Markers for Mapping by Admixture Linkage Disequilibrium in African American and Hispanic Populations
American Journal of Human Genetics
Population linkage disequilibrium occurs as a consequence of mutation, selection, genetic drift, and population substructure produced by admixture of genetically distinct ethnic populations. African American and Hispanic ethnic groups have a history of significant gene flow among parent groups, which can be of value in affecting genome scans for disease-gene discovery in the case-control and transmission/disequilibrium test designs. Disease-gene discovery using mapping by admixture linkage disequilibrium (MALD) requires a map of polymorphic markers that differentiate between the founding populations, along with differences in disease-gene allele frequencies. We describe markers appropriate for MALD mapping by assessing allele frequencies of 744 short tandem repeats (STRs) in African Americans, Hispanics, European Americans, and Asians, by choosing STR markers that have large differences in composite δ, log-likelihood ratios, and/or I*(2) for MALD. Additional markers can be added to this MALD map by utilization of the rapidly growing single-nucleotide–polymorphism databases and the literature, to achieve a 3–10-cM scanning scale. The map will be useful for studies of diseases, including prostate and breast cancer, diabetes, hypertension, and end-stage renal disease, that have large differences in incidence between the founding populations of either Hispanics or African Americans.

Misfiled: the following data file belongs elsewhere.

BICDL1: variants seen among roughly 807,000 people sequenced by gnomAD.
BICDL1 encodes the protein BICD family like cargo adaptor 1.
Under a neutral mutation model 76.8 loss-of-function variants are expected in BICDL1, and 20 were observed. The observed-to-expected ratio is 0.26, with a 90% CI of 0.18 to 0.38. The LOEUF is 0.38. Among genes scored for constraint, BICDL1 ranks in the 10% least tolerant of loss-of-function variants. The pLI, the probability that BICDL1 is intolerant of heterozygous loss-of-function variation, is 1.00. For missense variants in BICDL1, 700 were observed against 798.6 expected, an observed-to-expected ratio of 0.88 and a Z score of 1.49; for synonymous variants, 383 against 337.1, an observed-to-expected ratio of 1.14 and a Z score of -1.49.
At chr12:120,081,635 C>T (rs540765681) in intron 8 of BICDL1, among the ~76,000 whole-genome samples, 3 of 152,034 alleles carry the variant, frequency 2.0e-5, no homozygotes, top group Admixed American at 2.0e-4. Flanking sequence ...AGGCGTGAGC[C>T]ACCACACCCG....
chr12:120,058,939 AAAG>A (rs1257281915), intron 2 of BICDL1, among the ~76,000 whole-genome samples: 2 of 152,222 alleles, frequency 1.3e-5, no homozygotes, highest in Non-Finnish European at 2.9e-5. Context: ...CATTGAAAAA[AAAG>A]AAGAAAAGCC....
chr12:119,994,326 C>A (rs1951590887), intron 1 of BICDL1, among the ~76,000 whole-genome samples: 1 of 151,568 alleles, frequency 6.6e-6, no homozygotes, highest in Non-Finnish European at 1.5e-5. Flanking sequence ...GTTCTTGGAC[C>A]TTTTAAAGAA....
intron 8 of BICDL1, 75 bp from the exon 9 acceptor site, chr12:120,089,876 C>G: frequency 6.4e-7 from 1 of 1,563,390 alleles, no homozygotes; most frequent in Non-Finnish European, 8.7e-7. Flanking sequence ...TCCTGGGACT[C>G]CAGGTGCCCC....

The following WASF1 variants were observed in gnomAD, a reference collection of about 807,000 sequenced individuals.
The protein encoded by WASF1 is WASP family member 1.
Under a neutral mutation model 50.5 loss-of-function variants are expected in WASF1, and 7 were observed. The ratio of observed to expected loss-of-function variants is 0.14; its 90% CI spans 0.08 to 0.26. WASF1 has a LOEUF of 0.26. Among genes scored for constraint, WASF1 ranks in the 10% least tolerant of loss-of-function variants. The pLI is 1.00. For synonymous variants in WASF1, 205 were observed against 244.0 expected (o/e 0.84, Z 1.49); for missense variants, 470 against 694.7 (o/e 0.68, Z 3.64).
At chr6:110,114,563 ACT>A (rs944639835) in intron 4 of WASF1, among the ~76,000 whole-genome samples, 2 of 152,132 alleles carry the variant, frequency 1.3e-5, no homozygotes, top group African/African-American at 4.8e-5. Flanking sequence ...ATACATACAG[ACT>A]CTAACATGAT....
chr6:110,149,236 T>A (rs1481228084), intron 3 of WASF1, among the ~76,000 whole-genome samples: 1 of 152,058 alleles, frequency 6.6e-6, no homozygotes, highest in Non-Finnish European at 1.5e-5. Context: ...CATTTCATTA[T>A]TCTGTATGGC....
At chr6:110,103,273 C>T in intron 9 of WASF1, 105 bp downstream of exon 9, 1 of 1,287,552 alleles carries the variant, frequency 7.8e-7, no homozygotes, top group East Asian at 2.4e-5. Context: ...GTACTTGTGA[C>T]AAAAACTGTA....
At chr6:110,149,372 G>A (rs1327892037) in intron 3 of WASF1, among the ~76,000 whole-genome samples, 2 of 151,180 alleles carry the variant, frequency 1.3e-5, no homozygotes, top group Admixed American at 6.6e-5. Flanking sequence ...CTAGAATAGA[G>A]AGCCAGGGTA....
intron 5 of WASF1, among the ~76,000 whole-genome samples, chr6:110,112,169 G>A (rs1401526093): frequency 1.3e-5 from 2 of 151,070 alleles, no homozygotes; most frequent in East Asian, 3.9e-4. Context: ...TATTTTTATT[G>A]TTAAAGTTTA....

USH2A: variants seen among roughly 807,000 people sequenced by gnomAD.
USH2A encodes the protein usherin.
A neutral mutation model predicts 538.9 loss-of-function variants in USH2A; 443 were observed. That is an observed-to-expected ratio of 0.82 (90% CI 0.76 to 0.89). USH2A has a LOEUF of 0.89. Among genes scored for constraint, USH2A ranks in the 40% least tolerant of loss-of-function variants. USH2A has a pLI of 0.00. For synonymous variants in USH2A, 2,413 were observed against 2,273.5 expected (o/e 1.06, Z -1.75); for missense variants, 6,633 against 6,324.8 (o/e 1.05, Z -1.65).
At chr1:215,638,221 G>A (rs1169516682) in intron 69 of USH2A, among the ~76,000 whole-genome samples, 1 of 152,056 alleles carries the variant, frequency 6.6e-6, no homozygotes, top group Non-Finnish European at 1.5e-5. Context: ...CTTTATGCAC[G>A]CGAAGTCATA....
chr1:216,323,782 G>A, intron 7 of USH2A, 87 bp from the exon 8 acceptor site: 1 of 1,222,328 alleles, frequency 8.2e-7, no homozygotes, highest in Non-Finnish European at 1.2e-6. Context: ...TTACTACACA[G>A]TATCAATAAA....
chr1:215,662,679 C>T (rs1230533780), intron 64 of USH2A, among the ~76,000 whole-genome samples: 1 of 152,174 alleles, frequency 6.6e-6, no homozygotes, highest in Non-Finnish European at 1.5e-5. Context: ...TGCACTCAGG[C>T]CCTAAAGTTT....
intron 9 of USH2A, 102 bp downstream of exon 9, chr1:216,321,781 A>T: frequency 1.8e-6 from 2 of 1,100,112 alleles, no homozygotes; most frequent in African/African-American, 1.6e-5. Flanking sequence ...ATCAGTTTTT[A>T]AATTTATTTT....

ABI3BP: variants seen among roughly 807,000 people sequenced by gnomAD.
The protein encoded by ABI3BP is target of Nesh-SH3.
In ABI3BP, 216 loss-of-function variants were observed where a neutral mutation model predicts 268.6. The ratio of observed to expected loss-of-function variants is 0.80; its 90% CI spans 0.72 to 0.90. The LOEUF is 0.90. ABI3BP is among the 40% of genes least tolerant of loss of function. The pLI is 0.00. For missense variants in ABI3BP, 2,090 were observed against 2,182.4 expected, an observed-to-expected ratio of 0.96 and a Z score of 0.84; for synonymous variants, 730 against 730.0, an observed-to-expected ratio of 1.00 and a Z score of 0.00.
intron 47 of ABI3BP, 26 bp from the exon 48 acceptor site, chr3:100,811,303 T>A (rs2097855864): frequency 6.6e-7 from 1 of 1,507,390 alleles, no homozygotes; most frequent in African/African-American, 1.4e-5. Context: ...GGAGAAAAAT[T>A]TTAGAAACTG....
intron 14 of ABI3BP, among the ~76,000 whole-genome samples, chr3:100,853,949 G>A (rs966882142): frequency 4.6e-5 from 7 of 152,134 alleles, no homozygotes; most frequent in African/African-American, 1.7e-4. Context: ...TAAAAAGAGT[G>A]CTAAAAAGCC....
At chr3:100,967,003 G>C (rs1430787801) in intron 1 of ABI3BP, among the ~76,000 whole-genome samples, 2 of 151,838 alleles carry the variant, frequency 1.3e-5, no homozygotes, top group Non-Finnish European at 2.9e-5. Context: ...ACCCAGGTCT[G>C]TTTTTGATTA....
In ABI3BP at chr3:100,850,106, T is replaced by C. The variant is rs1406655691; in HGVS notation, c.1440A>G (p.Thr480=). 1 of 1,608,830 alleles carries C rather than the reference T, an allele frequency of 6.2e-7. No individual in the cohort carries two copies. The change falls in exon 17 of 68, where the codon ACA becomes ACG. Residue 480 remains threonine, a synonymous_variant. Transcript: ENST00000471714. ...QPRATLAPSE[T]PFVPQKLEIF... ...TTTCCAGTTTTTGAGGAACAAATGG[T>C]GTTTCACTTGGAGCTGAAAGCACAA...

Smith, Michael W.; J. A. Lautenberger; Hyoung Doo Shin; Jean-Paul Chretien; Sadeep Shrestha; Dennis A. Gilbert; and Stephen J. O'Brien. 2001. "Markers for Mapping by Admixture Linkage Disequilibrium in African American and Hispanic Populations." American Journal of Human Genetics 69, (5): 1080-1094. http://nsuworks.nova.edu/cnso_bio_facarticles/623